Land of Thousand Kasbahs


Day1 - G Adventure orientation meeting.

Our CEO (Chief Entertainment Officer, not Chief Executive Officer), Mohammed, was giving a rundown on our upcoming trip. Halfway through our itinerary briefing Mohammed told us,

“After Sahara, we are going to Ait Ben Haddou and Rock the Kasbah.”

“Hmm..”

I did wonder whether he was referring to “The Clash” song or Bill Murray’s movie. Neither of them has any real connection to Morocco or the Kasbah. Clash song was filmed in Texas, and Bill Murray’s film is based in Afghanistan. However, rocking the Kasbah definitely sounded very appealing!

Mohammed later explained to us what a Kasbah is. It is the central part of a fortified village (known as Ksar), a protected area made for the ruling family. Usually, they are located on high grounds providing a vantage point against enemies and surrounded by a defensive wall.

A Brief note on Ouarzazate


Ait Ben Haddou is located in the province of Ouarzazate. The capital of this province is the city of Ouarzazate, a dusty town with a mesmerizing appeal. Situated between the high atlas mountain in the north and the Sahara in the south, it is truly the door to the desert. The city is home to some of the biggest studios in the world. Films such as The Lawrence of Arabia, The Mummy, Gladiator, and most recently Game of Thrones were shot here. Rightfully so, Ouarzazate is often referred to as the movie capital of Morocco.

The land of thousand Kasbahs


Due to its prime location in the trans-Saharan trading route, thousands of Kasbahs were built in Ouarzazate and its surrounding area. Tifoultoute, Stork’s, Telouet, and Ait Ben Haddou are some of the prime examples.

Built in the 17th century, Ait Ben Haddou is an excellent example of southern Moroccan earth clay architecture. Inside this fortification, there is an extraordinary ensemble of dwellings, castles, mosques, and stable made out of earth brick. As most Kasbahs in Ouarzazate, this UNESCO world heritage site is strategically located in the high ground surrounded by river and oasis, providing an upper hand against the enemies. Walls surrounding the clay buildings offered extra protection.

Ait Ben Haddou was a major trading post. It used to be a stop-over point for caravan routes of the past carrying gold, ivory, and salt. A place to rest and re-stock. Today, its narrow dusty streets are lined with artisanal shops selling rugs, jewelry, and other Moroccan handicrafts. They add vibrancy to the clay brick colors of roads and houses. Four families still live inside Ait Ben Haddou. With a nominal charge (10MAD), they allow you to get inside their dwellings and see their way of life. What astonished me is the simplicity of the design, yet the durability of these earthen structures. Today it looks easily sackable, but, in fact, it was built to protect.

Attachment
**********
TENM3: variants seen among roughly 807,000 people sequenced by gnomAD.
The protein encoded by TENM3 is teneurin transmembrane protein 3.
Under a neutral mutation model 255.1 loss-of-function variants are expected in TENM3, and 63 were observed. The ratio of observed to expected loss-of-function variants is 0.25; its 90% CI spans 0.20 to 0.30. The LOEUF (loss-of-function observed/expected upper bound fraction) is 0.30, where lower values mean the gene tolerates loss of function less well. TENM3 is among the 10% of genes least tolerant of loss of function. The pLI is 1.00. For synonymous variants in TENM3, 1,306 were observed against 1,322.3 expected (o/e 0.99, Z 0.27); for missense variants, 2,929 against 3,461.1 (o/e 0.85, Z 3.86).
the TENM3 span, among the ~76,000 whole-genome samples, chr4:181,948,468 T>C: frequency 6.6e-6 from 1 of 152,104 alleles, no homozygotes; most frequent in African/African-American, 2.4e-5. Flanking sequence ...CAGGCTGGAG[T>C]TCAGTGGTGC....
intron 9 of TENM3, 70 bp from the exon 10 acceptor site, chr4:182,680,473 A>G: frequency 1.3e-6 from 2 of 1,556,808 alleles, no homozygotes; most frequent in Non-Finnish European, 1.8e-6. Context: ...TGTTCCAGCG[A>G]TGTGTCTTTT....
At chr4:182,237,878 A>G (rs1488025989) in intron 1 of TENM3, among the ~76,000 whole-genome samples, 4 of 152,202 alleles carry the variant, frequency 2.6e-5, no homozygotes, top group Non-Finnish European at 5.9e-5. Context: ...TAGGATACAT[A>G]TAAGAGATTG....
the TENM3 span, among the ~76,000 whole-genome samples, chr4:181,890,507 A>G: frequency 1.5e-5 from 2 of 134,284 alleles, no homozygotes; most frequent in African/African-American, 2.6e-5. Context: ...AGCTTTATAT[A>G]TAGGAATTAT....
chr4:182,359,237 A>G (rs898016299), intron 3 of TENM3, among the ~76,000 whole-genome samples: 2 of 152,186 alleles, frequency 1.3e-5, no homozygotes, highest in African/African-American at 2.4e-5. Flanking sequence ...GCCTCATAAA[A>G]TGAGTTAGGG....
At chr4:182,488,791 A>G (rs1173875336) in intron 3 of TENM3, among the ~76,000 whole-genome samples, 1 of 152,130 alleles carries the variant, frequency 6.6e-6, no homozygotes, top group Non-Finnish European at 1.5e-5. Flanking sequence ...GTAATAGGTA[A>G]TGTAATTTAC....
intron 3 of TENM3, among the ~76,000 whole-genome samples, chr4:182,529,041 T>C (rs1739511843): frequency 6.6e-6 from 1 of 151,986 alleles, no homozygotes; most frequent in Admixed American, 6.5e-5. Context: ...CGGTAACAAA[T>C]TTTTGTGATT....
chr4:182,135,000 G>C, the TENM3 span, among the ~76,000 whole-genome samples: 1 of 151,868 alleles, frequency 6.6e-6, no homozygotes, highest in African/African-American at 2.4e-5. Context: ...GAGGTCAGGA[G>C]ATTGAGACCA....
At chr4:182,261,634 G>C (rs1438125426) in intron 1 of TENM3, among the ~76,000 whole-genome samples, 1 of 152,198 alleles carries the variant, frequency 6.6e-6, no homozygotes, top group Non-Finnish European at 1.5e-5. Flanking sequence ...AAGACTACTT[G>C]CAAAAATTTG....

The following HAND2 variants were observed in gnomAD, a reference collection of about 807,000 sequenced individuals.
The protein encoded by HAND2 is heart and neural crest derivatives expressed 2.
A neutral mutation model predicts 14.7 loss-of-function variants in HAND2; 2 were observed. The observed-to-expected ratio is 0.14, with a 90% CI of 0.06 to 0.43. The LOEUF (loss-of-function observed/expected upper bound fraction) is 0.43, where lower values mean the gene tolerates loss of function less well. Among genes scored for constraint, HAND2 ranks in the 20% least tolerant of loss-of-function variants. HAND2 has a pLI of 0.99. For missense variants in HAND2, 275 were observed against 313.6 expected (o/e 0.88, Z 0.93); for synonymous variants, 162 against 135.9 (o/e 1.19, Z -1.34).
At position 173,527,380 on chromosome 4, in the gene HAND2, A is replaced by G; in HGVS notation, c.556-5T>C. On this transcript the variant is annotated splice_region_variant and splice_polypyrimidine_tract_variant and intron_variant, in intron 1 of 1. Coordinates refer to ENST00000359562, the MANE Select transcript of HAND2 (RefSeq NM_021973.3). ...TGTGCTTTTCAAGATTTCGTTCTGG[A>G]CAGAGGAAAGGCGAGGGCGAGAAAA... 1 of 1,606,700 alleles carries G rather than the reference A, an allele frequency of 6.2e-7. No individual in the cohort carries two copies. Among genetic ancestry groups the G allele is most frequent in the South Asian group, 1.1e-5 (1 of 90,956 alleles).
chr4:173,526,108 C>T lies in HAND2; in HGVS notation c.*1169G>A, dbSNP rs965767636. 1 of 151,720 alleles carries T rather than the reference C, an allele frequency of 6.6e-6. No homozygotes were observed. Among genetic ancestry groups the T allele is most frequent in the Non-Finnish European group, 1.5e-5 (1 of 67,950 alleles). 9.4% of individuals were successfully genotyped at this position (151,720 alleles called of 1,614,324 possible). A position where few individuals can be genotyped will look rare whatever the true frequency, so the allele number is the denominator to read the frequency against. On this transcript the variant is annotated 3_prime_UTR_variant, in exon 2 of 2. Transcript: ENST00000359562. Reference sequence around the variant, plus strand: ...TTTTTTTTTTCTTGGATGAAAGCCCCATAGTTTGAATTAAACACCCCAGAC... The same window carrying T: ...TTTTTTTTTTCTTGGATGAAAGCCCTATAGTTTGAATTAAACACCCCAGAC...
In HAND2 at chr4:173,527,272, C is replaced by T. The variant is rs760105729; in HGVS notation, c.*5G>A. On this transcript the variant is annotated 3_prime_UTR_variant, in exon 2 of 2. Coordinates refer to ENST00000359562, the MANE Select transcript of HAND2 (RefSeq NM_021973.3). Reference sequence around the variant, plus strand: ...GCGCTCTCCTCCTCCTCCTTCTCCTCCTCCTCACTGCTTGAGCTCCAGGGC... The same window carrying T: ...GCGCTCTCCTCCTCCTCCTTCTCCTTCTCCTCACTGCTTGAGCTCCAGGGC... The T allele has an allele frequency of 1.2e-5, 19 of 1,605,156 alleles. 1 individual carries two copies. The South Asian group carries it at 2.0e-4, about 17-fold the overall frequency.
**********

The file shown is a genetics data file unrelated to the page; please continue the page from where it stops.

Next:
Why is it so popular?


Ait Ben Haddou is now the face of Morocco tourism. Airport arrivals in Casablanca and Marrakech boast big billboards of this fascinating site. Funny thing, unreal characters made it a famous tourist destination, not the real history associated with this place. First, it was Maximus Decimus Meridius. As he shouts, “Are you not entertained?” the city of Ait Ben Haddou comes onto the screen. More recently, it’s fame skyrocketed thanks to Daenerys Targaryen. After having released Astapor (filmed in Essaouira - a coastal city in Morocco) of slavery, Daenerys was seen headed to Ait Ben Haddou, sorry, Yunkai ;-)

How long?


Spend at least half a day. Later half of the day seemed like a better choice. Reddish bricks of Kasbah catching the golden light of sunset is a view to remember for life! We started at the base of the hill with narrow pathways that wind around each other and are surrounded by cramped, tight houses. A bit further up, with each turn, a steep staircase took us to the next level. At the summit, there is a citadel that the residents can retreat to as the last line of defense. You will also be rewarded with the beautiful views of Atlas mountains from the top.

A detour worth doing


Todra gorge at Tingis is worth a visit. Todra and Dades River carved out some spectacular canyons in this area. During our stay in December, the riverbed was kind of dry with a shallow stream of water. But a half an hour walk along the river in the cool shades of 500 feet tall walls of grey and pink rocks is very refreshing. Street vendors add a lot of color to the streets. The nearby town of Tinerhir hosts some hotels if you would like to stay in the area.

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